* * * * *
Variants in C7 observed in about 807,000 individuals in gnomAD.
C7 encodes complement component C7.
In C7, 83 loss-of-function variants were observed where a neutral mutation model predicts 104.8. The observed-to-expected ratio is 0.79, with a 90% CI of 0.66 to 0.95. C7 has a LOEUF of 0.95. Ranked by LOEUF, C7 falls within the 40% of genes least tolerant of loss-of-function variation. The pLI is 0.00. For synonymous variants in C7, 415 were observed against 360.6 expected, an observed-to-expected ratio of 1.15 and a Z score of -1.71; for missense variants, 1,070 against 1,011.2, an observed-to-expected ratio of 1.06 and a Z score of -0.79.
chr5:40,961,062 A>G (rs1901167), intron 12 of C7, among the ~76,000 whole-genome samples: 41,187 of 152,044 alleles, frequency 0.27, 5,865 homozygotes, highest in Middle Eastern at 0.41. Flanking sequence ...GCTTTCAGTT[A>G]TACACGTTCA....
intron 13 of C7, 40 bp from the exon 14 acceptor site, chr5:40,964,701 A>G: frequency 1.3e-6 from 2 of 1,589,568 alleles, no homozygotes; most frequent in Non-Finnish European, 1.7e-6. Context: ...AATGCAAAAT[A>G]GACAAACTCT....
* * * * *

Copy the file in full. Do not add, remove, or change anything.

Variants in C7 observed in about 807,000 individuals in gnomAD.
C7 encodes complement component C7.
In C7, 83 loss-of-function variants were observed where a neutral mutation model predicts 104.8. The observed-to-expected ratio is 0.79, with a 90% CI of 0.66 to 0.95. C7 has a LOEUF of 0.95. Ranked by LOEUF, C7 falls within the 40% of genes least tolerant of loss-of-function variation. The pLI is 0.00. For synonymous variants in C7, 415 were observed against 360.6 expected, an observed-to-expected ratio of 1.15 and a Z score of -1.71; for missense variants, 1,070 against 1,011.2, an observed-to-expected ratio of 1.06 and a Z score of -0.79.
chr5:40,961,062 A>G (rs1901167), intron 12 of C7, among the ~76,000 whole-genome samples: 41,187 of 152,044 alleles, frequency 0.27, 5,865 homozygotes, highest in Middle Eastern at 0.41. Flanking sequence ...GCTTTCAGTT[A>G]TACACGTTCA....
intron 13 of C7, 40 bp from the exon 14 acceptor site, chr5:40,964,701 A>G: frequency 1.3e-6 from 2 of 1,589,568 alleles, no homozygotes; most frequent in Non-Finnish European, 1.7e-6. Context: ...AATGCAAAAT[A>G]GACAAACTCT....